Agent Orange Day

This year August 10th, 2021, marks the 60th anniversary of the first use of Agent Orange in the Vietnam War.

The goal of the U.S. was to use Agent Orange to kill and defoliate vegetation in rural and forested land, depriving the enemy of food, cover and concealment and clearing sensitive areas such as around base perimeters.

Agent Orange was usually sprayed from helicopters or from low-flying C-123 Provider aircraft, fitted with sprayers and 1,000-gallon chemical tanks. Spraying was also done with trucks, boats, and backpack sprayers.



During the Vietnam War, the United States military sprayed over 20,000,000 gallons of Agent Orange. That is almost 364,000 fifty-five gallon barrels.


An estimated 39,000 square miles of agricultural land was ultimately destroyed and more than 20% of South Vietnam's forests were sprayed at least once over the ten-year period.

Before Agent Orange

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After Agent Orange


While in Vietnam, the veterans were told not to worry and were persuaded that Agent Orange was harmless.

After returning home, Vietnam veterans began to suspect their ill health or the instances of their wives having miscarriages or children born with birth defects might be related to Agent Orange, which they had been exposed to in Vietnam.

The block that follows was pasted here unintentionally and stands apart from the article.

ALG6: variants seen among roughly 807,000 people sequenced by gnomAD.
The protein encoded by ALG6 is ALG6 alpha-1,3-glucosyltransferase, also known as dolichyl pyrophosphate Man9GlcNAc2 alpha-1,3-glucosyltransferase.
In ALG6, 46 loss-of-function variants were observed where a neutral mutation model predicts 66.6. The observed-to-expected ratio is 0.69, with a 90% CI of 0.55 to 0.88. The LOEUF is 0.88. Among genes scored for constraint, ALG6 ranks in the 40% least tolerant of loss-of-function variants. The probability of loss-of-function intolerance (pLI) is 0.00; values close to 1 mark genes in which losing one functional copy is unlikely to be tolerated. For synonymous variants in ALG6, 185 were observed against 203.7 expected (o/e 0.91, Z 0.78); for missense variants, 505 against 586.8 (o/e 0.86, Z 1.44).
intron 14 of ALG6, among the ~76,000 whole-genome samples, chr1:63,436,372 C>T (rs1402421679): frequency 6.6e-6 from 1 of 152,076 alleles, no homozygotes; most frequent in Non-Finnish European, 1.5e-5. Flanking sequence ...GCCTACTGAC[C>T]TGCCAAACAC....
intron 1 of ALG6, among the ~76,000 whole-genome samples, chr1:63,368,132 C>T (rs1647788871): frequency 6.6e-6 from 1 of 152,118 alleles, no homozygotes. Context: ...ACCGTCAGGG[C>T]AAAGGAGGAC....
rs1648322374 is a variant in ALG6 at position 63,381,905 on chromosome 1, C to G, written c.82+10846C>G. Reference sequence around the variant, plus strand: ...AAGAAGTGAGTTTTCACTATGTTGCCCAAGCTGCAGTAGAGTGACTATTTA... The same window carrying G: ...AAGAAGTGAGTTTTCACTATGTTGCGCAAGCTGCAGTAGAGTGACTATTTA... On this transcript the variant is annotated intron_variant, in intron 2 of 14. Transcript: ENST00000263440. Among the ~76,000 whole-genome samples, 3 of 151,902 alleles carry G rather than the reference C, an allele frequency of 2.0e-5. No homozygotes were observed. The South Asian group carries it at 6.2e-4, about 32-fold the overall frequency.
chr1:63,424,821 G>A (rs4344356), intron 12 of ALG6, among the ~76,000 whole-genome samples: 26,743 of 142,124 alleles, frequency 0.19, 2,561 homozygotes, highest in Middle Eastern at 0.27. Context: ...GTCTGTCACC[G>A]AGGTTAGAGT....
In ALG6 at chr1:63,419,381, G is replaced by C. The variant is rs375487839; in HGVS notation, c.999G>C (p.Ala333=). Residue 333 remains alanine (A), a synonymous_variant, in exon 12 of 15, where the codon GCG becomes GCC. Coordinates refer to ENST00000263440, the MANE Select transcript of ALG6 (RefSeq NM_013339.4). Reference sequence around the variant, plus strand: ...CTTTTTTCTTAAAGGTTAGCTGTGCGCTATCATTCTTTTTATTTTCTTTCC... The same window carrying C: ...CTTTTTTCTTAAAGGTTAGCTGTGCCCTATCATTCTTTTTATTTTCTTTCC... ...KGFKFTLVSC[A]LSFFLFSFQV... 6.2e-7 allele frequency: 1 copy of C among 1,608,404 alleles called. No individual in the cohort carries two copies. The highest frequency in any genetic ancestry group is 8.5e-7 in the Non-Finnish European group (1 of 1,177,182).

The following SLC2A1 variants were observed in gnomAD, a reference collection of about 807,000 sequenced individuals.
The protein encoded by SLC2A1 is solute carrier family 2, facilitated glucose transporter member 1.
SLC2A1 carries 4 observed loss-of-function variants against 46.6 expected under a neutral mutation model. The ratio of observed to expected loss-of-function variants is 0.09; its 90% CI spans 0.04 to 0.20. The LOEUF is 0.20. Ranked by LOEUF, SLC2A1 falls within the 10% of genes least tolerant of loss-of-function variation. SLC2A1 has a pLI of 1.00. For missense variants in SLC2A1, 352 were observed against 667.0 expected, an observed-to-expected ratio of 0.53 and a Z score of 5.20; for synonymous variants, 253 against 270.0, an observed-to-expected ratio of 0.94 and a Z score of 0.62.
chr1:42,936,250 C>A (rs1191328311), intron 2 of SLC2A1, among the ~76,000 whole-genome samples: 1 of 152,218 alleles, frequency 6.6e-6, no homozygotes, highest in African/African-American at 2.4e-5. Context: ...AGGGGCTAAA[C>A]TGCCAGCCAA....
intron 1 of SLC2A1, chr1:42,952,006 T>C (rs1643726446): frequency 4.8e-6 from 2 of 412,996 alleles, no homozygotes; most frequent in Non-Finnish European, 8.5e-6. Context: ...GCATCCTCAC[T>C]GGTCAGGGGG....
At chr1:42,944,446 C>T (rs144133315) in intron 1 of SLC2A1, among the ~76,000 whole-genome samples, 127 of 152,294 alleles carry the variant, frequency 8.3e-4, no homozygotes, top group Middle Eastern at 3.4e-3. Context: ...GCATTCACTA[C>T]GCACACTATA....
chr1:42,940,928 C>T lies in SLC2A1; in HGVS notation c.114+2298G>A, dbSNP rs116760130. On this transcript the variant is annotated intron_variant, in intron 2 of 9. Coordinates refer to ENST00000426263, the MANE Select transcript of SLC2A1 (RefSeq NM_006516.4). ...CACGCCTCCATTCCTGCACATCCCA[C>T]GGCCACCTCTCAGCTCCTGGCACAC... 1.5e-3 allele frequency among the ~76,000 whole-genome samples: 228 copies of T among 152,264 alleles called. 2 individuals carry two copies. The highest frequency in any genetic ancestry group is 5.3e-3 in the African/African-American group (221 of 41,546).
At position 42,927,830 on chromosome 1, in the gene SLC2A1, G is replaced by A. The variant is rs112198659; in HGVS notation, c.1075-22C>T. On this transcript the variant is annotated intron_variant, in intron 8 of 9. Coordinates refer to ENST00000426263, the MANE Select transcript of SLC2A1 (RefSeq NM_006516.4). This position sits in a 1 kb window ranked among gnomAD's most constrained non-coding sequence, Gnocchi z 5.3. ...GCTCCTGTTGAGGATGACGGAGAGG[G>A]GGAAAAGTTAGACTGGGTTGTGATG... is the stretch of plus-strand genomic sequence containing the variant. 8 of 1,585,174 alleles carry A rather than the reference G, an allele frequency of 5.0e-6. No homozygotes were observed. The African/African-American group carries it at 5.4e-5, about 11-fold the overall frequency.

These veterans also started to develop Chronic B-Cell Leukemia, Diabetes Type 2, Hodgkin's Disease, Hormone Disruption, Ischemic Heart Disease, Multiple Myelomas, and other deadly diseases. These illnesses are all presumptive to Agent Orange exposure. There is not a test for Agent Orange or a treatment to prevent these diseases.

More than 320,000 Vietnam veterans have died from illnesses associated with their exposure to Agent Orange. In addition, thousands more servicemen are still suffering and may lose their lives because of Agent Orange caused illnesses. There are 620,000 Vietnam veterans alive today and most of them have been exposed to Agent Orange. We have to save them.

Millions of post Vietnam veterans, those that served in the middle east conflicts were exposed to a wide range of dangerous substances, often unknowingly, during their deployments. From burn pits to radiation to chemically-laced IEDs and other toxins, these exposures have resulted in deaths and illnesses to a large and rapidly increasing number of veterans. We need to save them.

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We must bring Agent Orange, the Burn Pits, and other Airborne Hazard exposures used by our military to the forefront. The public and our leaders must be reminded that the Agent Orange and Burn Pit issues still exists and that more research must be done to combat these illnesses before they claim more veteran’s lives. We need to make sure that toxic chemicals will never be used by our military ever again.